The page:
Prince Albert II of Monaco poses in between Wapiti District Ranger Sue Stresser and Shoshone Forest Supervisor Joe Alexander. (U.S. Forest Service/ Kristie Salzmann)
On a beautiful fall day on America’s first national forest, Prince Albert II of Monaco retraced the steps his great-grandfather took 100 years ago through the wilderness of the Shoshone National Forest in Wyoming.
Prince Albert II helped celebrate on Sept. 20 the centennial anniversary of the hunting trip his great-grandfather, Prince Albert I, took with now-historic figures William “Buffalo Bill” Cody and Abraham Archibald Anderson, the first Special Superintendent of Forest Reserves. The successful hunting trip cemented lasting relationships between the men and established an area in the Absaroka-Beartooth Wilderness, which is still known today as Camp Monaco. Read more »
Dennis Sun on Sun Ranch, west of Casper, Wyo., with NRCS intern Meghan McPhaden. Photo credit: Haley Lockwood/NRCS
Dennis Sun, owner of the Sun Ranch west of Casper, Wyo. and publisher/owner of the Wyoming Livestock Roundup, is making his ranch friendlier for a small bird that he can neither sell nor hunt. That’s because he wanted to help ensure that the sage grouse doesn’t get listed as an endangered species.
The sage grouse is a ground-dwelling bird native to the sagebrush ecosystem of the American West. Once numbering 16 million, it has dwindled to as few as 200,000 birds. About 40 percent of all sage grouse are found in Wyoming. Read more »
Snow surveyors approach SNOTEL site on Mount Hood.
Koeberle’s job carries her over mountains by helicopter and horse, snowshoes and skis. She has encountered grizzly bears, avalanches and wolves and visited ridges that few people have seen.
Koeberle is a hydrologist and snow surveyor for USDA’s Natural Resources Conservation Service (NRCS) and works on the agency’s snow survey team—a group of specially trained scientists who maintain snow gauges that are important to farmers, business owners and many other people in the West. Read more »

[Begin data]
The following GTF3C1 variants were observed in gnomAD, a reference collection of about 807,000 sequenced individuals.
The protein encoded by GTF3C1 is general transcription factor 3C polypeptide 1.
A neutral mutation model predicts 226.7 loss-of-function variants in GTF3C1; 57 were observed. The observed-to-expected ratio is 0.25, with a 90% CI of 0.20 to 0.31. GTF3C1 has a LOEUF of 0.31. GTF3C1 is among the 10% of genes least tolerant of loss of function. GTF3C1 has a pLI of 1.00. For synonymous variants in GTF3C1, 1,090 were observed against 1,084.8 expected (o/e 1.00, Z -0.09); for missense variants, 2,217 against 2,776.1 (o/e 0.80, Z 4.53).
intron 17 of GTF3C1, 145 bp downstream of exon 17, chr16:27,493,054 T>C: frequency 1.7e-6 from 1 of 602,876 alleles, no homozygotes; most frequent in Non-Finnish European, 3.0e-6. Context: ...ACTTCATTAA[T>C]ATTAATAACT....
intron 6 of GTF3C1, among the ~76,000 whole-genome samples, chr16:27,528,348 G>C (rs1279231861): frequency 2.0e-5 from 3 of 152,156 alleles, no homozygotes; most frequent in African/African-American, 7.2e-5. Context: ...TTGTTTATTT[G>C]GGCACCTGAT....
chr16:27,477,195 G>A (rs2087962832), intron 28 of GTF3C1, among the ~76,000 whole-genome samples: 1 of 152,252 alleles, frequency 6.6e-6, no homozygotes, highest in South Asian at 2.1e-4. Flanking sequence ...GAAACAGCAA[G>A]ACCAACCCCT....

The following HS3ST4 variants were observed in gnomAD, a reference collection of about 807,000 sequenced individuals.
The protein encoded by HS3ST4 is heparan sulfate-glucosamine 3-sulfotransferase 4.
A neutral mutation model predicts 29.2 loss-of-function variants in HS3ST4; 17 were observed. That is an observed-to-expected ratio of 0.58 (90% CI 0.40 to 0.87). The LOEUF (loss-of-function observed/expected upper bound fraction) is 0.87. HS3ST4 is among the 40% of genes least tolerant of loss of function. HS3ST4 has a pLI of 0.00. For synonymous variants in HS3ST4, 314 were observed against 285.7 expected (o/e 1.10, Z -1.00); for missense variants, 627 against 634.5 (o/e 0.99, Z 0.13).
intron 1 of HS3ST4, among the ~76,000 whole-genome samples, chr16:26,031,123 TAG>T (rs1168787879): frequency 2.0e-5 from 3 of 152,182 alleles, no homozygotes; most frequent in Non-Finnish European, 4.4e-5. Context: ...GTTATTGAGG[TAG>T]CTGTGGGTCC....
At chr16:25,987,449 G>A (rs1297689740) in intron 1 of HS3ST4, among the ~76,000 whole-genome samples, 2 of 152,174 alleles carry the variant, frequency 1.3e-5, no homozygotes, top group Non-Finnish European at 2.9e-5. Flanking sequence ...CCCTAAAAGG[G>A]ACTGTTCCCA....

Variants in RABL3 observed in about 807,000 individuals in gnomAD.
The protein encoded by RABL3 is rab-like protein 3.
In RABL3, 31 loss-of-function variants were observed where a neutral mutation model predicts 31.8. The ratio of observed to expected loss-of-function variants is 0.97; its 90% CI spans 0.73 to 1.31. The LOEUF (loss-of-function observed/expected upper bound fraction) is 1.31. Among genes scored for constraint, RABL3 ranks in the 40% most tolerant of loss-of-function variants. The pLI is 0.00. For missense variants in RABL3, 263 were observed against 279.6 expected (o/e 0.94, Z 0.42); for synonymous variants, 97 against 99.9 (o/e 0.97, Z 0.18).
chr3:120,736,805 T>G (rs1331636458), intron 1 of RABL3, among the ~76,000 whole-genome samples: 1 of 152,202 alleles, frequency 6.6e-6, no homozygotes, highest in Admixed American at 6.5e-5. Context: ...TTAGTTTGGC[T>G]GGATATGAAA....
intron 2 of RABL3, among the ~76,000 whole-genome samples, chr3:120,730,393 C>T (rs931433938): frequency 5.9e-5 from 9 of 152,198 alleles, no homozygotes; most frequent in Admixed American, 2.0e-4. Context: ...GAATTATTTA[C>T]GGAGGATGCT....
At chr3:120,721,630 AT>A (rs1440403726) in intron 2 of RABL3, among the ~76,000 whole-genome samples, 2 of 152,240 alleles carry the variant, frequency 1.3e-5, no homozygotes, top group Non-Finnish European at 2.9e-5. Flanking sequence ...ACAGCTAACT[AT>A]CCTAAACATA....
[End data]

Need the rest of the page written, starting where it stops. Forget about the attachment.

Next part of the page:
Fall needle cast is natural for many conifers, including ponderosa pine. The trees shed their oldest leaves each fall, but the leaves at the branch tips remain green. Pine trees that lose their newer leaves at the branch tips may be stressed or diseased. Photo by Jill Welborn.
Perhaps it’s just me, but I think many people are relieved to see the fall colors and relish the cool mornings here on the Black Hills National Forest. Read more »
Cattle graze in meadows along South Piney Creek on the Fish Creek Flying W Ranch west of Big Piney in 2011. Photo by Mark Gocke, Wyoming Game and Fish Department.
A new land conservation agreement will protect key wildlife habitat in Wyoming’s Green River Valley. The agreement, which establishes two conservation easements on the Fish Creek Flying W Ranches near Big Piney, was coordinated by the Wyoming Game and Fish Department and The Conservation Fund. Read more »
A large, family-run ranch in Wyoming was recently placed in permanent conservation easement with the help of USDA’s Natural Resources Conservation Service (NRCS) and The Conservation Fund. The efforts of other partners were also key.
Barn: View of one of the homestead ranches now protected by two conservation easements. Photo by Mark Gocke.
The ranch, which is one of the oldest operating ranches held by one family in the Green River Valley, will be permanently protected under NRCS’ Farm and Ranch Lands Protection Program (FRPP). The 10,000-acre ranch is actually two homestead properties owned by the Budd-Espenscheid family, near the town of Big Piney, and will be protected under two easements. Read more »